THE STATE OF THE OFFICE MARKET IN TEXAS
By Lauren Paris
Texas is notorious for its business friendly climate, which includes no state income tax, a low cost of living, and ample workforce. It is also home base for 52 Fortune 500 companies, with $1.6 trillion in combined 2013 revenues. These attributes should continue to attract companies and capital from more regulated economies that hinder business growth – this is further indicated by the projection of 1.08 million new jobs to be added by the four major Texas markets in 2015-2019 based on estimates from Moody’s Analytics.
Markets within the state are seeing employee recruitment and retention as a top priority for businesses seeking office space. Subsequently, there is high demand for healthy, quality workplaces that are easily accessible and have walkability, fitness opportunities and healthy meal options. Densification of the workplace is also becoming a predominant theme as employers are placing more importance on workplace strategy given rising costs of real estate and labor. Flexible hours and working offsite allow employers to maximize their office space utilization as they seek buildings equipped with larger floor plates, ample parking and adequate power supply. This in turn allows the office space of today to enhance company culture and foster more collaboration.
Each of the office markets within Texas has experienced a significant amount of post-recession relocation and expansion activity, which has subsequently benefited net absorption and has led to steadily declining vacancy. Given the favorable business environment throughout the state and recent announcements for additional relocations and expansions in the works, Texas should continue to fare well in terms of office growth.
In Austin, technology has driven corporate movement with Apple’s $300 million corporate campus as one of the largest and high profile of these expansions. Amazon will also add to the area’s tech scene with its planned move to Domain 7 later this year. The 2015 absorption forecast for Austin is 1.6 million sq. ft., the highest amount for the market since 2006.
Toyota’s future relocation to Plano will be a boon to the Dallas/Fort Worth market, with Liberty Mutual following suit after their April announcement to bring 5,000 jobs to Plano. Dallas/Fort Worth is slated for continued positive absorption and reduced vacancy despite an anticipated rise in annual new office building completions for 2015.
Energy firms such as ExxonMobil and BHP Billiton are expected to take occupancy in the Houston market throughout 2015 and 2016 despite the recent drop in oil prices. The 2015 Houston completion rate is forecast to increase by more than 60 percent compared to 2014, causing a short-term rise in vacancy.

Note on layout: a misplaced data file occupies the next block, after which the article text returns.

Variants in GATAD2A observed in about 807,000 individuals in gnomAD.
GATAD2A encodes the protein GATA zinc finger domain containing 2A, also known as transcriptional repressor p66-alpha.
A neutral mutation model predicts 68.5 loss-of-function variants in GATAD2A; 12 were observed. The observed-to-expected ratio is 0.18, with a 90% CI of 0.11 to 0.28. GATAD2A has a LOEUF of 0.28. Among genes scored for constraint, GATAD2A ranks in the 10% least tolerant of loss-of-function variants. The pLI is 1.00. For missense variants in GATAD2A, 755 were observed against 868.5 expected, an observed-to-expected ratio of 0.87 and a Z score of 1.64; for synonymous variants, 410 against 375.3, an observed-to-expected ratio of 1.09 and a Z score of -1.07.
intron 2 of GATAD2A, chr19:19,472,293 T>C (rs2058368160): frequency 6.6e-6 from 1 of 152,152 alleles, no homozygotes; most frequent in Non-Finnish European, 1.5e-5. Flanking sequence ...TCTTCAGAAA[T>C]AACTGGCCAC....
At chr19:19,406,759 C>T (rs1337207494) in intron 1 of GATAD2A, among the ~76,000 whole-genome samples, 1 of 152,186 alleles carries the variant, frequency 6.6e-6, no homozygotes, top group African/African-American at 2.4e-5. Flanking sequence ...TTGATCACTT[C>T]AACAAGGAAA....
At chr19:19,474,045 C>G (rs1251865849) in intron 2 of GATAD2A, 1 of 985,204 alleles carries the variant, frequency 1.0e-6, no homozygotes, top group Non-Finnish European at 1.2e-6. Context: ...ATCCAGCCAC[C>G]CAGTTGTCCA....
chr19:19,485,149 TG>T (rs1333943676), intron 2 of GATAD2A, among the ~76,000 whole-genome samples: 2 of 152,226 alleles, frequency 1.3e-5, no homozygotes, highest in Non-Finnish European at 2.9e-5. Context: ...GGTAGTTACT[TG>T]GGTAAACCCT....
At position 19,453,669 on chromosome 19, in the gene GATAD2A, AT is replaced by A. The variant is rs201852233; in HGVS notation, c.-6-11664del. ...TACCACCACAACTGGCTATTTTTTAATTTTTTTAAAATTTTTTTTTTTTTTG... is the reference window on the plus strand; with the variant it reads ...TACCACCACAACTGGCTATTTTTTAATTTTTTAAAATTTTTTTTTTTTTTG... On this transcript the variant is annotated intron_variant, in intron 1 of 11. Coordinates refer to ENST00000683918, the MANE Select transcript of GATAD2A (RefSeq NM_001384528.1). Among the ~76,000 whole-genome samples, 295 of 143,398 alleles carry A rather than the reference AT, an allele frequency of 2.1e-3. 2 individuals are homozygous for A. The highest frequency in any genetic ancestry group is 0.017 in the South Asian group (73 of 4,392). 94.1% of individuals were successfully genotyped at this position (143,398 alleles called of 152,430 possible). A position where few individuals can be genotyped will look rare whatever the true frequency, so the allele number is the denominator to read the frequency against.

In San Antonio, the recent USAA expansion and significant corporate build-to-suits have buoyed absorption, leading to 2014 having the highest net absorption since 2007 in the metro area. The outlook for San Antonio shows continued growth for the office sector, in tandem with 2.2 percent annual office employment growth over the next six years.
Contributing the markets overview is Lauren Paris, CBRE Senior Research Analyst. The data included was compiled through CBRE Econometric Advisors (CBRE EA).
By Erin Morales & Russell Young
Austin is on a trajectory to grow to a world-class city as lower real estate prices, a more favorable regulatory environment for growing businesses (lower taxes, etc.), quality of life and a highly-educated workforce drive continued expansions in Austin. Cost and supply of labor, in conjunction with quality of life and industry, have created an attractive environment for the tech industry and growth in the health care/medical tech industry could further fuel the expansion of Austin’s economy when the new Dell Seton Medical Center opens. The city has established itself as a place for “creatives” and millennials, bringing 150 new residents daily.
Inflation and unemployment are two factors business leaders should watch carefully. As labor supply and cost diminish, Austin may have a difficult time competing with less expensive markets.
Due to the unique geography and topography of Central Texas, businesses seeking large-scale office developments will likely need to look beyond Austin’s central core into surrounding suburbs, such as Cedar Park and Round Rock, or Southeast Austin to uncover the next phase of development in the Austin MSA. Transportation infrastructure has created “big city” traffic, leading some companies to split operations into different parts of the city so they can appeal to the entire Austin employee base.
The Austin update was co-written by Erin Morales, CBRE Senior Vice President and Russell Young, CBRE Senior Vice President.
By Jeff Ellerman & Celeste Fowden